How to Start a Community Garden in Your Neighborhood


When you live in an urban area or even in a suburban neighborhood, you might not consider gardens as much more than ornamental. But starting a community garden puts a patch of greenery to work.

There has been a notable rise in interest in community gardens and urban gardening for the past two years. During the pandemic, community gardens became invaluable in producing healthy, accessible food for surrounding families. And in areas considered “food deserts,” community gardens can contribute significantly to better, healthier nutrition for the neighborhood

Taking Care of a Community Garden

You can’t just look for a patch of land and plant seeds in it. Everyone has to do their part and learn how to get the garden started to look after it. It won’t be easy to grow a garden in the middle of a crowded neighborhood or an urban space, but with the proper preparations, you’ll give it a good start.

  • Gather a willing group from the community

The first step to any good community garden is to get the locals aboard. These will be the same people who will benefit from the garden, and they’ll get invested in seeing the green space flourish. Talk the idea over with them and find out if any of them have gardening or farming experience. It’ll be a big help to your cause if they do, as they already have an idea of how to get things started.

  • Pick a spot for your garden.

Consult with the local government for this project. The land you’ll be growing on likely belongs to the public, so you need their approval for it. And if they do, they’ll likely also be able to help you find a suitable patch of land for your garden.

Community gardens can grow local flora, fruits, vegetables, and herbs. So, you’ll need a spot with plenty of sun exposure, good earth for growing, and convenient water sources nearby. It should also be away from constant traffic (both vehicular and pedestrian) and have drainage nearby so excess water can drain away during rainy days.

  • Collect resources and funding for the garden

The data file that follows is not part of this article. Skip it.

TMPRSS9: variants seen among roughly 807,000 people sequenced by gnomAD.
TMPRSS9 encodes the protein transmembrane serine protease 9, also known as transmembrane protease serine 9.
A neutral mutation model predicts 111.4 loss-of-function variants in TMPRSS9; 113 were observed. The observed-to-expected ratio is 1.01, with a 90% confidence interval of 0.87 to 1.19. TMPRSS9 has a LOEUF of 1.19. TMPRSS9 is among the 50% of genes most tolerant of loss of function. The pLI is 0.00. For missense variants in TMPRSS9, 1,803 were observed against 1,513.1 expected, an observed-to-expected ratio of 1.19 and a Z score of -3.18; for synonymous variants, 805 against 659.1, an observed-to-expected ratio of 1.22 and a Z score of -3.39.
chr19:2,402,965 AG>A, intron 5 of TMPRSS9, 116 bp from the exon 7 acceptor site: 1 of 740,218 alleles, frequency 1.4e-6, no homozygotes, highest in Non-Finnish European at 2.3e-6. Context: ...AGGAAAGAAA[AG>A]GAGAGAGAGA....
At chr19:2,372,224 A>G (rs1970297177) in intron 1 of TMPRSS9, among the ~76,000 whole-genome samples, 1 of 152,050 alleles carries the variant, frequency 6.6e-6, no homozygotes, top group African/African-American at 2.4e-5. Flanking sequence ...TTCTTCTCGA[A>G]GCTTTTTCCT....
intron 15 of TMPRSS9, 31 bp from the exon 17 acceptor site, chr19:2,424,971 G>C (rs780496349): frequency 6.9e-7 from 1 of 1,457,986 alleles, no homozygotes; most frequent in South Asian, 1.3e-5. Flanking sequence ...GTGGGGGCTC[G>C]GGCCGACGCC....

Now that you have a team, approval, and a spot for your garden, it’s time to collect your resources. What do you need? You’ll need potting soil, seeds and seedlings, fertilizer, gardening tools, irrigation setup, plot markers, and more—just about everything needed to start the garden.

The garden will need these things and other maintenance items, so you can start organizing some fundraising for your community garden. By now, you might have drummed up some interest in your town. Try to pull in a local sponsor or gather financial support from the community. Start a fundraiser for your community garden, showing everyone the importance of growing one’s food. Or you can even opt to crowdfund your community garden. You can do this through GoFundMe or alternative platforms. Choose one that will make it almost effortless for people in your community to help you.

  • Gather your tools and start assigning roles
    Gardening tools

Once you have your funding, tools, and seedlings, it’s time to assign roles to your team. Split up into smaller sub-teams to make it easier to create a rotating schedule of gardeners that tend to your new plot. You can even create groups according to plant types, such as fruits, vegetables, and herbs. Or you can stick to roles such a planting,

Designate a person to come in and water the plots when necessary, especially during the hottest, driest days. Schedule a time when people come in and remove weeds, add fertilizer, or trim the plants. Make sure that there are people assigned times and days through the weeks and months. And to make a “celebration,” have everyone come in for the first harvests.

  • Ensure that you outline the garden’s rules.

Make sure to create a list of rules about the roles, tasks, and expectations of everyone who will be working in the garden. The only way the garden can flourish is if everyone does their job to help the plants grow and thrive.

Furthermore, since everyone shared in the funding, the effort, and the work in growing and maintaining the garden, you have to enforce rules about sharing what comes out of the garden. Above all else, all the people who participated in making the garden flourish should get their fair share of its fruits.

  • Make sure everyone keeps in touch.

Finally, make sure that everyone working on the garden stays in touch with one another. They have to know who handles the money to buy supplies, whose turn to do the weeding or watering, and who they can contact if they can’t do their assigned task for the week. This way, people know who to turn to and who can take over a missed gardening errand.

You can do this by putting everyone in a group chat through a messaging app or having a private Facebook group to post updates. The best part is that with a social media group like that one, members can share photographs of themselves doing the tasks or showing how well the garden is growing, which encourages others to keep up with the great work.

Making a community garden takes time, and the fruits of your labor will take even longer to grow. But with patience, group effort, and the support of the community, you’ll find yourselves reaping all the fantastic benefits that come with a community garden. You get nutritious, naturally-grown food, extra supplies in case of scarcity, a place to beautify the neighborhood, and everyone gains new skills in gardening.


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